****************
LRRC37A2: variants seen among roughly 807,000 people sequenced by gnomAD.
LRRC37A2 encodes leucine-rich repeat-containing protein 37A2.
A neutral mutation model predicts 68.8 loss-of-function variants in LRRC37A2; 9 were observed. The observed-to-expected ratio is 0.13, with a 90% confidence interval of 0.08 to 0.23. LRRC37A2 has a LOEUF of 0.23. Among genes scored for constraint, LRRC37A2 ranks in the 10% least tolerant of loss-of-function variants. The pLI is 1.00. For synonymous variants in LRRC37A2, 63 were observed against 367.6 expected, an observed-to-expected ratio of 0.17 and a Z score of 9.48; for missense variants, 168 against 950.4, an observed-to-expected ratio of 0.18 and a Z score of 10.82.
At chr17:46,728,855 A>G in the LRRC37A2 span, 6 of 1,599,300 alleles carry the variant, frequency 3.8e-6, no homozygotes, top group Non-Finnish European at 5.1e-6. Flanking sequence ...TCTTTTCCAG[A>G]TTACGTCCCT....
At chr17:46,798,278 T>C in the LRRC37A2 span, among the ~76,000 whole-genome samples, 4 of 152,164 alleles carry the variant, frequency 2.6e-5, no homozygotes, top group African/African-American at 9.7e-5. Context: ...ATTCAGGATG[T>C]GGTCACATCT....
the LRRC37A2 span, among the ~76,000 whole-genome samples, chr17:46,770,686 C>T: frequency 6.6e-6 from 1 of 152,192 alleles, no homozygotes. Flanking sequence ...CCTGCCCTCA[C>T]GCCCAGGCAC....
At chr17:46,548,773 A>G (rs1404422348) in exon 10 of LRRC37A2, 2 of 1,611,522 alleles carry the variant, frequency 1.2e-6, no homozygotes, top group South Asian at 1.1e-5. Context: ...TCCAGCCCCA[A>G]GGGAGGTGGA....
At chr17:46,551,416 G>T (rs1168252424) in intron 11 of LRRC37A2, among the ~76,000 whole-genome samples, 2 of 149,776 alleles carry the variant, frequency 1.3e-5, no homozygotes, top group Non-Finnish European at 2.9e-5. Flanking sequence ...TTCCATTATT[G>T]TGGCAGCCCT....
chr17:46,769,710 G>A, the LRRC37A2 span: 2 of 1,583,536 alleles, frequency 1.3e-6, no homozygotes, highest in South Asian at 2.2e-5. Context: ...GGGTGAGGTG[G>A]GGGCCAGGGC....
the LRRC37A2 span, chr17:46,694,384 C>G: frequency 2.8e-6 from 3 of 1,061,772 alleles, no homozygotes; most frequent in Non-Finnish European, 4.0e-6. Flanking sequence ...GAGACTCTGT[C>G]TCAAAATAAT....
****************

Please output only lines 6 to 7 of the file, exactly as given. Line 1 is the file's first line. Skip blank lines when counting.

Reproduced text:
the LRRC37A2 span, among the ~76,000 whole-genome samples, chr17:46,770,686 C>T: frequency 6.6e-6 from 1 of 152,192 alleles, no homozygotes. Flanking sequence ...CCTGCCCTCA[C>T]GCCCAGGCAC....
At chr17:46,548,773 A>G (rs1404422348) in exon 10 of LRRC37A2, 2 of 1,611,522 alleles carry the variant, frequency 1.2e-6, no homozygotes, top group South Asian at 1.1e-5. Context: ...TCCAGCCCCA[A>G]GGGAGGTGGA....